Over the 1970-1980 period, US nonmetropolitan areas grew more rapidly than previously, achieving overall a faster growth rate than metropolitan areas, with more migrants going from metropolitan to nonmetropolitan areas than in the opposite direction. This paper reviews the literature that has emerged in seeking to understand this new trend, which was contrary to expectations and became known as the nonmetropolitan turnaround. Work includes macroanalyses of changes in nonmetropolitan settlement structure, changes in the distribution of employment, migration streams and differentials, as well as research on residential preferences and migration decision making. This is a new trend in terms of population distribution processes, although evidence that it reflects a greater importance of noneconomic factors in migration is mixed. Nonmetropolitan growth slowed in the latter part of the 1970s and overall the turnaround reversed in the early 1980s, but a return to a generally concentrating settlement pattern appears unlikely. The amount of research accomplished over a short span of time as a consequence of the turnaround is noteworthy, and the findings have contributed to increased understanding of US population change.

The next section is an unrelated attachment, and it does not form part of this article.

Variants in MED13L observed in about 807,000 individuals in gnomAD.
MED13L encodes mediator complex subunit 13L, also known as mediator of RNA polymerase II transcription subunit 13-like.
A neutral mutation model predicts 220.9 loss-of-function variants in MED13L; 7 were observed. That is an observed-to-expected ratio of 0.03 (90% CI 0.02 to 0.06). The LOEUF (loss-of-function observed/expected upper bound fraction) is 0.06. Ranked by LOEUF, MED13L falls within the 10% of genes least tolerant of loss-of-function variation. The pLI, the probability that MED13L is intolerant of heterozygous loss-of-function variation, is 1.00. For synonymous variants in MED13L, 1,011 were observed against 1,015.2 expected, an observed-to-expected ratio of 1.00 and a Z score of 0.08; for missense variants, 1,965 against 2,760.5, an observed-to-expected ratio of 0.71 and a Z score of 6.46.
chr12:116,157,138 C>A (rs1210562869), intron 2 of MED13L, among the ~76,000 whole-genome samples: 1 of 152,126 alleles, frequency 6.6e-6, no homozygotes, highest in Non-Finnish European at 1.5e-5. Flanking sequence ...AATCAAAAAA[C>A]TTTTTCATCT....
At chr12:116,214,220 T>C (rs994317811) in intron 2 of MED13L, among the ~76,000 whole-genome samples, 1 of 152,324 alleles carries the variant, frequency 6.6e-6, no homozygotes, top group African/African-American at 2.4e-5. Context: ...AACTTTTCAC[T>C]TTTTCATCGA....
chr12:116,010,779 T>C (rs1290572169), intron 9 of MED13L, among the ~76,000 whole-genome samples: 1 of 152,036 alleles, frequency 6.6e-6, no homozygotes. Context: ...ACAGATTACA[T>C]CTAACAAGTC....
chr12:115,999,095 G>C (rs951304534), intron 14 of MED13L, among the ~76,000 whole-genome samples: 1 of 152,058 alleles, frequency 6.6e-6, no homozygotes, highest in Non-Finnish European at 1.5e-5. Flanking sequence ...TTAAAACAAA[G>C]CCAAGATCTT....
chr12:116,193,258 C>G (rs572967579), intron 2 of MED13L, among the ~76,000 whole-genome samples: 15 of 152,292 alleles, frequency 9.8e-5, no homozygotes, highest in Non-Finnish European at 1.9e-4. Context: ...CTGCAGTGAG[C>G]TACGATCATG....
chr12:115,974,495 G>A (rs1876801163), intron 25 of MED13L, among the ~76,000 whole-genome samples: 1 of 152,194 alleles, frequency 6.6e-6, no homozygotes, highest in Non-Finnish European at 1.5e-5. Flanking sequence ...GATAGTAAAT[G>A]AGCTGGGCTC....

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  • Article Type: Review Article
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